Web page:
African Report Helpful
I am presently in Beijing participating in the Sino-African forum. I checked on the Ethix website and discovered, with a lot of satisfaction, the tremendous job you did in treating the Central African Republic as a special report in the 50th issue. I need to express to you my deepest gratitude for what you have done. Some weeks ago, a journalist from Sweden came to Bangui with the objective of gathering some facts that can help CAR draw the attention of the world to its desperate case as a country without commitment from the international community. Last week, I was in Tunis, Tunisia, trying to mobilize donors for providing CAR with resources to clear its arrears to the African Development Bank. The gap to be filled was US $7 million, but we have only 10 days to reach the deadline. Donors are looking at each other without any sign of compassion. This is very sad and disappointing, because we are running the risk of missing a good opportunity to normalize our relationships with that very important partner.
This is how CAR is seen in the global world, and we hope that your work will help us turn the perception.
Minister of the Economy, Planning, and International Cooperation
Bangui, Central African Republic
Liked the Special Issue on Africa
I thought the November/December issue of Ethix was terrific! Please include more like this in the future.
Devoting much of my time to Global Partnerships’ micro-lending activity in Central America, it is interesting to observe what an enormous impediment to economic development is presented by the low or nonexistent ethical standards of the political leadership of so many underdeveloped countries.
Corruption on the part of their leaders is the major obstacle to the poor of the world climbing out of their poverty. It is highly appropriate for a bulletin devoted to ethics to focus on your personal experience in the Central African Republic.
Ethix is making an important contribution on so many fronts from so many perspectives. Keep up the great work!
EDITOR: Bob, we were encouraged that leaders in the Central African Republic are trying to turn the corner on corruption because they recognize, as you say, that this is a major impediment for them as a country.
Technology Challenge Is Not Just for Africa
Likely anyone who picked up the November/December issue of Ethix had trouble putting it down without at least a brief “visit” to the technology-free zone of the Central African Republic. Aptly and compassionately described as a “… people caught ‘outside the system,’ in a web of poverty, corruption, and challenge …,” we read of a world tucked away so much the “inverse” of that of most Ethix readers experience, that insertion of even a single pickup truck presents a major dilemma quite foreign to any who has lived within what we know as “developed” economies and societies.
When one imagines the world behind the questions raised by the articles, even the smallest distance seems intimidating, between villages, between appointments, or from need to supply of almost anything. “What a fertile ground,” one might exclaim, “for inserting technology (appropriately, of course) and then for reaping great rewards, measured in economic, health, and sustainability metrics of various sorts.” Yet, the impediments even to the simplest “technology insertion” are very real, if only because of the substantial deficits of almost everything, from education to support infrastructure. Likely, no place on earth provides a better “proof text” for the ethical challenges inherent in technology insertion.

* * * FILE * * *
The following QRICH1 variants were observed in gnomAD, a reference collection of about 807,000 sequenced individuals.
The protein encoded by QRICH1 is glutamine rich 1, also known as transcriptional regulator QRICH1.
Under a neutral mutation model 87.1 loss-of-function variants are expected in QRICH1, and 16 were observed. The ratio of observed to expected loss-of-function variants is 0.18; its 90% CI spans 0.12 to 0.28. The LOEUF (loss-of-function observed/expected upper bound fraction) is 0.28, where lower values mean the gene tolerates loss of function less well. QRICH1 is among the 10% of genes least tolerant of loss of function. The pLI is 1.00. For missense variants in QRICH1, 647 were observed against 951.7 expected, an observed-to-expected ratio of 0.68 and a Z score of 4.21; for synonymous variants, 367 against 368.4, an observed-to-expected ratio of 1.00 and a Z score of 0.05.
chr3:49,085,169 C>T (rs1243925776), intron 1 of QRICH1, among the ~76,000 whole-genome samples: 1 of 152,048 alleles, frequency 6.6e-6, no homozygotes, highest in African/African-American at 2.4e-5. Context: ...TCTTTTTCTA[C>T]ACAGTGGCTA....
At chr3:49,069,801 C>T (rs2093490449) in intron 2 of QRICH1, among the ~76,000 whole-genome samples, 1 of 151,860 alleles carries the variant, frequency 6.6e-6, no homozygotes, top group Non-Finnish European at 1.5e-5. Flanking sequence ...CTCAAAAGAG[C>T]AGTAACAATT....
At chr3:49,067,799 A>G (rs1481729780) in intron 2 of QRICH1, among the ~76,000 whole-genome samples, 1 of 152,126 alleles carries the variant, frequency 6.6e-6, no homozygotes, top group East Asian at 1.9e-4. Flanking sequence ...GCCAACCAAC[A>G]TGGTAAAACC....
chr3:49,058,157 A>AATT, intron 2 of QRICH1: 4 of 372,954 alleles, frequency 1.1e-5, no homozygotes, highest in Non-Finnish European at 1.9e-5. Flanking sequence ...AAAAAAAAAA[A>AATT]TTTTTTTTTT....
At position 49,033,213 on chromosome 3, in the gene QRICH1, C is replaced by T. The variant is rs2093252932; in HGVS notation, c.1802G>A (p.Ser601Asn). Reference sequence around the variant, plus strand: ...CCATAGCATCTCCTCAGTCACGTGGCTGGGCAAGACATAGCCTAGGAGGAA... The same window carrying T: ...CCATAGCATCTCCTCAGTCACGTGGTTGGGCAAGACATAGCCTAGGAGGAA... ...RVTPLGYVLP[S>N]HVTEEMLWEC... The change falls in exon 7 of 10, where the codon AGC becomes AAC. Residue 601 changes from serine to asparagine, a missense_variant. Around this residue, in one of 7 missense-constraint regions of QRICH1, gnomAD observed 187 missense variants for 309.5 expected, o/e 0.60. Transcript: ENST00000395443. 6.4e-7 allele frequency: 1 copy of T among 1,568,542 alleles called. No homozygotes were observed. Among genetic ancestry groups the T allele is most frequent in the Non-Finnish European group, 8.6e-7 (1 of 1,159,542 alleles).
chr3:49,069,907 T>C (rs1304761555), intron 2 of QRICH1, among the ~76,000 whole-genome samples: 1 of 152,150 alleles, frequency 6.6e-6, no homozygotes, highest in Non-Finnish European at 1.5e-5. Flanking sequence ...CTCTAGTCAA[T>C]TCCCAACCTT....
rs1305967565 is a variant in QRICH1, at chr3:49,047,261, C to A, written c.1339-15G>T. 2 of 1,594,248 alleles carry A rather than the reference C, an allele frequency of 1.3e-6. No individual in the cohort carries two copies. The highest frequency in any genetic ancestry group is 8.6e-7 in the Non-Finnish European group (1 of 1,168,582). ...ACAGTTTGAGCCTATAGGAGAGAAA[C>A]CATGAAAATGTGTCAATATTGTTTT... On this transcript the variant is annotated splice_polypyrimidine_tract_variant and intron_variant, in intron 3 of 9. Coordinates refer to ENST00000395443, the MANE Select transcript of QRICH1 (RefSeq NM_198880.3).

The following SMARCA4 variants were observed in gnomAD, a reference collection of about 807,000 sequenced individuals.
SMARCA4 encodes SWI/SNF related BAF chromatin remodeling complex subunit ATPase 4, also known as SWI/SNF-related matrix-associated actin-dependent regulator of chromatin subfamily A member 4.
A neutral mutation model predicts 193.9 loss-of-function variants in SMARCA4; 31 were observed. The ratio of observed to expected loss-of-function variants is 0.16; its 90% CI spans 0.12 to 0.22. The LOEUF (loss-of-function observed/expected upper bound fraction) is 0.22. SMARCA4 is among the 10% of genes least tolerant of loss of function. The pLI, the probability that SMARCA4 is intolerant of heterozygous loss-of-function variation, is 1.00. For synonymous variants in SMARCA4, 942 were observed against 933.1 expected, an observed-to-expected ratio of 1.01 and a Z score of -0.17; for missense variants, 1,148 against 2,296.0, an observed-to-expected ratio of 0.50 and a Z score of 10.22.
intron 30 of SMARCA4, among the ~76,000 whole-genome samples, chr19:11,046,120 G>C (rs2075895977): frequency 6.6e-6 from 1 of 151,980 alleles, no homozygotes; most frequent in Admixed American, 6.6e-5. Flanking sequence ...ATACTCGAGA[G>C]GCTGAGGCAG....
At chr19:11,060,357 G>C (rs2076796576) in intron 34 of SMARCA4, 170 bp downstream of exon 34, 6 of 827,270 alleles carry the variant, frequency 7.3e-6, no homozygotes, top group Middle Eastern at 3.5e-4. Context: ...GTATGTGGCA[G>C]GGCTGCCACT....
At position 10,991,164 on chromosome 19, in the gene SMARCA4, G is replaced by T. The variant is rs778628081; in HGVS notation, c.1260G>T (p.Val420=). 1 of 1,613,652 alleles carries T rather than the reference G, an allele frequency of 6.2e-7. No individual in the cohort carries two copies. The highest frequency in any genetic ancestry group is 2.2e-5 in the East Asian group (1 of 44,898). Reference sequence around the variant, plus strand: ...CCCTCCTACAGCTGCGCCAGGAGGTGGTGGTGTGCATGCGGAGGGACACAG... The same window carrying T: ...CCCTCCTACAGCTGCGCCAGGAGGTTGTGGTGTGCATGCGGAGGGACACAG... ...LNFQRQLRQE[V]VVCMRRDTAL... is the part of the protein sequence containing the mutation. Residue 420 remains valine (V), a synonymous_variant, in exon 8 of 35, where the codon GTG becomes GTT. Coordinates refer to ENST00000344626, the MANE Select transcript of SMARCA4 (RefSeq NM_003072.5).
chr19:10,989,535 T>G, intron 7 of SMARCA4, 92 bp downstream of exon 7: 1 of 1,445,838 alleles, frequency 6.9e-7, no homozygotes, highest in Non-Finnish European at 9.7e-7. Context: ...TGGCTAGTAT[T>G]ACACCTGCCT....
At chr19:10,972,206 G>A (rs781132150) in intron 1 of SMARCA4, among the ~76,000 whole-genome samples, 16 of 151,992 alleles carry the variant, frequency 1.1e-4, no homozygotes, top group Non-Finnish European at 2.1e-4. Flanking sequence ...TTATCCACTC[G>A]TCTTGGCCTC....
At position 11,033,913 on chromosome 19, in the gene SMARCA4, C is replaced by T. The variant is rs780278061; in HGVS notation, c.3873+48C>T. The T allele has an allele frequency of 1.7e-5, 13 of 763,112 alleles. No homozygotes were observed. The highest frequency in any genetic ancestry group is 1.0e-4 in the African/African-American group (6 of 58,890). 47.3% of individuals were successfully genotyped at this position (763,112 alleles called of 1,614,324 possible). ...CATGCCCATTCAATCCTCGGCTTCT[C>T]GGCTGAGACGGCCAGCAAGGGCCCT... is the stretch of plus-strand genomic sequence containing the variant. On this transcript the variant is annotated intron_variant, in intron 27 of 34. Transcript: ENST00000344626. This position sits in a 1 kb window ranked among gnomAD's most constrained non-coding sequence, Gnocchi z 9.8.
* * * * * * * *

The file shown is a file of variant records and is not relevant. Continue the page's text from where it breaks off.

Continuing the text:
Yet, as obviously compelled one might be to “do something” to aid in the CAR’s journey toward the promised benefits of some degree of technology modernity, we might first be wise to go back, in hopes of reading “between the lines,” so that we can discover that the CAR technology ethics story tells us as much about ourselves as it might about the deeply troubling plight of a people nearly frozen in time. First, we are challenged to recommit to the proper role of technology as adjunct to, versus driver of, human and societal well-being in the global community. Technology does not solve problems; nor does technology define quality and/or competitiveness nearly as much as we read so often.
Success of technology — whether in the CAR or in Harvard Square — must be measured by the value it delivers, rather than by the potential it promises. The truck dilemma in the CAR has many subtle but no less important “cousins” of dilemmas in the 21st-century United States. Similarly, caution is necessary when seeking to reach across the oft-referenced “digital divide” or “technology gap” in hopes of delivering “better” quality and/or quantity of life, often in the illusive form of “global competitiveness” or “higher standard of living.” For years, organizations, technology policy makers, and many others have worked hard to incorporate “outreach” into professional programs and initiatives. But now, the time is right to move from the easily and self-satisfying programs of “outreach” — in which we extend exposure to that which we already know and have —to the passionate reach for “discovery” of things which we do not know.
Indeed, in this discussion, we have “many miles before we sleep, many promises to keep” (R. Frost, “Stopping by the Woods on a Snowy Evening”).